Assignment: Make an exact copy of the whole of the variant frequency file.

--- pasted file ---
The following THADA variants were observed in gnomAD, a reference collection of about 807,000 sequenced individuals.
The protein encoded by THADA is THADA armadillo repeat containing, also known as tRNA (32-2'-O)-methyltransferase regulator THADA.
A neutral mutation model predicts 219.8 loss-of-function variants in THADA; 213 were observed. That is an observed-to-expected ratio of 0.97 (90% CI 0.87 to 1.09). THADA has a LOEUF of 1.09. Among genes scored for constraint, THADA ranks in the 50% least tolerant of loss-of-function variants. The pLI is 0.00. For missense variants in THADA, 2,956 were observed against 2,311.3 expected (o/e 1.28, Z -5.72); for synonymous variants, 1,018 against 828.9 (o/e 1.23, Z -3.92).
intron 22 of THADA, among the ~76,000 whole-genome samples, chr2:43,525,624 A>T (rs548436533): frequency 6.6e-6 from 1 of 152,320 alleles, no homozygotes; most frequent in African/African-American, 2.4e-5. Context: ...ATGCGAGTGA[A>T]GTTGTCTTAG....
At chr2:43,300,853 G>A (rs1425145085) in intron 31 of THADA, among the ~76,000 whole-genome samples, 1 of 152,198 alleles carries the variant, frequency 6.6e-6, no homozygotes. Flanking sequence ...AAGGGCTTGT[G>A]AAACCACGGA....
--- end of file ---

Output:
The following THADA variants were observed in gnomAD, a reference collection of about 807,000 sequenced individuals.
The protein encoded by THADA is THADA armadillo repeat containing, also known as tRNA (32-2'-O)-methyltransferase regulator THADA.
A neutral mutation model predicts 219.8 loss-of-function variants in THADA; 213 were observed. That is an observed-to-expected ratio of 0.97 (90% CI 0.87 to 1.09). THADA has a LOEUF of 1.09. Among genes scored for constraint, THADA ranks in the 50% least tolerant of loss-of-function variants. The pLI is 0.00. For missense variants in THADA, 2,956 were observed against 2,311.3 expected (o/e 1.28, Z -5.72); for synonymous variants, 1,018 against 828.9 (o/e 1.23, Z -3.92).
intron 22 of THADA, among the ~76,000 whole-genome samples, chr2:43,525,624 A>T (rs548436533): frequency 6.6e-6 from 1 of 152,320 alleles, no homozygotes; most frequent in African/African-American, 2.4e-5. Context: ...ATGCGAGTGA[A>T]GTTGTCTTAG....
At chr2:43,300,853 G>A (rs1425145085) in intron 31 of THADA, among the ~76,000 whole-genome samples, 1 of 152,198 alleles carries the variant, frequency 6.6e-6, no homozygotes. Flanking sequence ...AAGGGCTTGT[G>A]AAACCACGGA....